Thursday, February 26, 2015

95 Years of Horror with Doctor Caligari

When I was about fourteen years old MTV was my gateway into music videos. That’s right, MTV used to play music videos and a ton of them at that. When I was a young teen, we did have the internet, but it took longer to download a video than it did to watch the damn thing, so channels like MTV and VH1were a godsend. One day I was at my Dad’s house and I was chatting on the phone with my friend, Hillary while I had a magazine in front of my and the tv blaring. Mid-sentence I stopped talking. A song I have never heard before was coming from the tv. It was unlike anything I had ever really heard and the music video that went with it was unlike anything I had ever seen, mainly because it was in black and white. The video was shot as if it were a silent film. It had everything I never knew I wanted in a music video. It had a great storyline, a pretty lady, and a little bit of horror. When the video ended I learned that song was called “Living Dead Girl” by Rob Zombie. That sparked my undying love for this Rob Zombie and his music. It wasn’t until I was in my early twenties that I discovered the inspiration for this specific music video was a 1920’s film called The Cabinet of Dr. Caligari.

Rob and Sheri Moon Zombie in "Living Dead Girl"

On February 26, 1920, arguably, one of the most influential horror films was released for the world to see. That film is the Cabinet of Dr. Caligari. Now, I say arguably because I have heard and read opinions where people tear this film a new one. I have heard it called expressionism at it’s worst and that it is a reject zombie film. Personally, I find neither to be true. This film was revolutionary from the set and storyline to even the movements of the actors. It was impressive for 1920 and still influences pop culture today. But, before I get into specifics, it’s probably in my best interest to give you a little taste of the story this film tells. It seems kind of silly to expect everyone to know the details of a horror flick that has been out for 95 years just because I freaking love it!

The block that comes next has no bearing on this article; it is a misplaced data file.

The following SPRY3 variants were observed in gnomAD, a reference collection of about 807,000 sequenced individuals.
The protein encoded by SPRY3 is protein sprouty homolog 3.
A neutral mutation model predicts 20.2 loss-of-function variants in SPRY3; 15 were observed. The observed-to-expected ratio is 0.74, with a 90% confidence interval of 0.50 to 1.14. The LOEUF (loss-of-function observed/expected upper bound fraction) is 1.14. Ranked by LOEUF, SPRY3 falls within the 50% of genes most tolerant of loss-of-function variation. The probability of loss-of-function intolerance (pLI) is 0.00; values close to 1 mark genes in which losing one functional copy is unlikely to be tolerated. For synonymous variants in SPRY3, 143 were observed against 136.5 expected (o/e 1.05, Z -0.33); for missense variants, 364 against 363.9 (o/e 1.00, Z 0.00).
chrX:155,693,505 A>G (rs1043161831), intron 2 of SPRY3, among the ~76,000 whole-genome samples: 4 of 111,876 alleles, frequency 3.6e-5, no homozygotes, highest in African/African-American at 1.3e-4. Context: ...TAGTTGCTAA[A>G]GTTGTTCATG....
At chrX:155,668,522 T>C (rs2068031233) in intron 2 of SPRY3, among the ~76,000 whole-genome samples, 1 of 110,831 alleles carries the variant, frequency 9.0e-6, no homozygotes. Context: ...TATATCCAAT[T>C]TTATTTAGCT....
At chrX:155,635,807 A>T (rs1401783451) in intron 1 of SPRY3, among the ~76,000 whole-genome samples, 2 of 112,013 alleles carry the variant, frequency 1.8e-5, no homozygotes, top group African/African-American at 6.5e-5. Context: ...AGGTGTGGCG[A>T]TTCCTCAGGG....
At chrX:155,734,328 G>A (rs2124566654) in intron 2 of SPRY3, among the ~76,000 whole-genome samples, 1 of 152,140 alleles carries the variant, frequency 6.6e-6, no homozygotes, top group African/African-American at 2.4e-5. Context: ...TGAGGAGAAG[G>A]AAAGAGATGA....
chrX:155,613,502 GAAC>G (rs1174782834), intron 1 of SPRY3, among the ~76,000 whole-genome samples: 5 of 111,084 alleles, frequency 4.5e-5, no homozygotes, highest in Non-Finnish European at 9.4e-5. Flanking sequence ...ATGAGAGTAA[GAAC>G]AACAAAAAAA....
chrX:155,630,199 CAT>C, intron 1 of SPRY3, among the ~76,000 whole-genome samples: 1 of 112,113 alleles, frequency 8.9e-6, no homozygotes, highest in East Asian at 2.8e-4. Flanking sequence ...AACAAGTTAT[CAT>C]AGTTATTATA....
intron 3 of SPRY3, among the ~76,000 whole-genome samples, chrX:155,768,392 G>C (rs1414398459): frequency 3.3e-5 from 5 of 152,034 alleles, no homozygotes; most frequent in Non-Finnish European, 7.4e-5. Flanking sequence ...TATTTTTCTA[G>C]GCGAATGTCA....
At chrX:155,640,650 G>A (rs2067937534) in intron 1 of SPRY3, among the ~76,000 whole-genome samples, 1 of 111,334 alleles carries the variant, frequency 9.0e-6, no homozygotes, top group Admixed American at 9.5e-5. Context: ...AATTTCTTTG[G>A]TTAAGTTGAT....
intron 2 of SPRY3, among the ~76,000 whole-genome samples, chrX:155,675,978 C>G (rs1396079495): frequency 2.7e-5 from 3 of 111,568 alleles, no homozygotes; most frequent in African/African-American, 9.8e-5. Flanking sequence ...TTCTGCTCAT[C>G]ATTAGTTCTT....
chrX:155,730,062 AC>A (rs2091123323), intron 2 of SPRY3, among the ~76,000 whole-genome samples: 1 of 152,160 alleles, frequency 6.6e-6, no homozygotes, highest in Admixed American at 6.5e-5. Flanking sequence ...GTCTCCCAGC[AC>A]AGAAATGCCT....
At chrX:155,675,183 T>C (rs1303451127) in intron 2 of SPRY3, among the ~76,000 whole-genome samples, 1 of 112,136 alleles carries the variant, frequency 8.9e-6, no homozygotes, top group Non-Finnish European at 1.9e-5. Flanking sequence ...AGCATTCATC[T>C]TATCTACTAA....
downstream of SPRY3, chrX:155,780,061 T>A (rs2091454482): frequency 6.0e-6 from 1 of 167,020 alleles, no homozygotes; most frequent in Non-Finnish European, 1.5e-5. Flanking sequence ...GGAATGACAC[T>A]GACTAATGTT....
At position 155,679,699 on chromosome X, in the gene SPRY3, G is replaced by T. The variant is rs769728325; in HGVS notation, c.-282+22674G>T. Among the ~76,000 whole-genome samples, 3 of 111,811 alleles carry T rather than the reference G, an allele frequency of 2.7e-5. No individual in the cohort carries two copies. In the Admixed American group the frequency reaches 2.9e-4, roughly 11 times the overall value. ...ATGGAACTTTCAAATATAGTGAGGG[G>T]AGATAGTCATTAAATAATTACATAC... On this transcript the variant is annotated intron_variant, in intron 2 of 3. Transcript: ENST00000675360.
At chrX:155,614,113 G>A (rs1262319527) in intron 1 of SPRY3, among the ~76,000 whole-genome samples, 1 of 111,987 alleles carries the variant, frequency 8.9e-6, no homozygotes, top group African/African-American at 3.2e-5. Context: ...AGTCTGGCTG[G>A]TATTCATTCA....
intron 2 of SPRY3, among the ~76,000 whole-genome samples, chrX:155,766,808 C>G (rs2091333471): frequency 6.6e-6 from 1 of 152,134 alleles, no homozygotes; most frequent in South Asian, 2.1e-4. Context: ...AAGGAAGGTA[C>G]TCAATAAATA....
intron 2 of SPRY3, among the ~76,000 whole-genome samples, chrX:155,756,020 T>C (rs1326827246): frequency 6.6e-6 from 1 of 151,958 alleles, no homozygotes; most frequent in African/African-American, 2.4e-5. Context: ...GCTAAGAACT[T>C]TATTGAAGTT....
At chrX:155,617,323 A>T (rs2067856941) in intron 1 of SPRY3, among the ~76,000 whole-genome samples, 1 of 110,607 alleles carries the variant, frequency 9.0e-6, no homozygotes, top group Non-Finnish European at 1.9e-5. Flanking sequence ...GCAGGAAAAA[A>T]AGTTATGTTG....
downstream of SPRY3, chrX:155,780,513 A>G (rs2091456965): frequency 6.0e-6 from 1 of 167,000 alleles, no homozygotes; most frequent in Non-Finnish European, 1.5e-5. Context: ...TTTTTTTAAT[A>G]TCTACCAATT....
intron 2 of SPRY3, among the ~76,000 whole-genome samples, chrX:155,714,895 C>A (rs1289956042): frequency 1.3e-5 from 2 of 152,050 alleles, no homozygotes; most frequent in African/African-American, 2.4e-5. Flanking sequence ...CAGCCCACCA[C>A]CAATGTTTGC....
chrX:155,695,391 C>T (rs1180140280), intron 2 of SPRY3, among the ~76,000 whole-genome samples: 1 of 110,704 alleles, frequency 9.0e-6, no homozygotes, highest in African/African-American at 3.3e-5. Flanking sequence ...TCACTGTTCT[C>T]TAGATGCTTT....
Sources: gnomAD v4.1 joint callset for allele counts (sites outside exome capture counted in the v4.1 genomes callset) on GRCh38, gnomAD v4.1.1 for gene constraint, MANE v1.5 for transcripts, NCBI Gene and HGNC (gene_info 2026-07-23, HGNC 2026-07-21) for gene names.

The Cabinet of Dr. Caligari begins with two men telling stories with a lady,  Jane, near by.  Francis, the main character, shares his tale of visiting of a carnival in a German mountain town with his friends Alan and Jane  This is where they first encounter Dr. Caligari and his somnambulist, Cesare. Somnambulist is a fancy word for sleepwalker. Dr. Caligari keeps Cesare in a coffin-like cabinet. When the show begins, he uses his sleepwalker to tell the future and reveal secrets through hypnotism. 

Alan decides to ask Cesare a question. He wants to know how long he will live. Cesare tells Alan that he will die at dawn and the prophecy is fulfilled. Alan dies a violent death at the hands of a shadowy figure. It is now brought to Francis and Jane’s attention that Alan was only the most recent in a series of unsolved murders at the hands of a shadowy figure.

Cesare, the somnambulist